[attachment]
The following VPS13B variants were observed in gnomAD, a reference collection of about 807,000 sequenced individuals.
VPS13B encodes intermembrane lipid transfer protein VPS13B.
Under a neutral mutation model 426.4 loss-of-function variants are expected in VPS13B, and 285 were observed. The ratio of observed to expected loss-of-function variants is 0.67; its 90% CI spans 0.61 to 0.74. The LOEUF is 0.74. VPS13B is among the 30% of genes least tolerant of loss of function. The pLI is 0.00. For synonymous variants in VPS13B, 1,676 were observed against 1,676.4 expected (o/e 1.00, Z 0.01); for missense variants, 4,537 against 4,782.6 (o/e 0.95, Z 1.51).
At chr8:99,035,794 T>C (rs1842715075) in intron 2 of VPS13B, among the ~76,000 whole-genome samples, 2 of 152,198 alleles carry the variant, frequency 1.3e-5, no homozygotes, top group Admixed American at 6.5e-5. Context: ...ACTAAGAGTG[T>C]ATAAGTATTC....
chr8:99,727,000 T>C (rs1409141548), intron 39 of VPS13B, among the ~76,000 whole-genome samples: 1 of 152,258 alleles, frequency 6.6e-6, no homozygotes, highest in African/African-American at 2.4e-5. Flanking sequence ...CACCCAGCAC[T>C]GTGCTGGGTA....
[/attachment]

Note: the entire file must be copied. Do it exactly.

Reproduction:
The following VPS13B variants were observed in gnomAD, a reference collection of about 807,000 sequenced individuals.
VPS13B encodes intermembrane lipid transfer protein VPS13B.
Under a neutral mutation model 426.4 loss-of-function variants are expected in VPS13B, and 285 were observed. The ratio of observed to expected loss-of-function variants is 0.67; its 90% CI spans 0.61 to 0.74. The LOEUF is 0.74. VPS13B is among the 30% of genes least tolerant of loss of function. The pLI is 0.00. For synonymous variants in VPS13B, 1,676 were observed against 1,676.4 expected (o/e 1.00, Z 0.01); for missense variants, 4,537 against 4,782.6 (o/e 0.95, Z 1.51).
At chr8:99,035,794 T>C (rs1842715075) in intron 2 of VPS13B, among the ~76,000 whole-genome samples, 2 of 152,198 alleles carry the variant, frequency 1.3e-5, no homozygotes, top group Admixed American at 6.5e-5. Context: ...ACTAAGAGTG[T>C]ATAAGTATTC....
chr8:99,727,000 T>C (rs1409141548), intron 39 of VPS13B, among the ~76,000 whole-genome samples: 1 of 152,258 alleles, frequency 6.6e-6, no homozygotes, highest in African/African-American at 2.4e-5. Flanking sequence ...CACCCAGCAC[T>C]GTGCTGGGTA....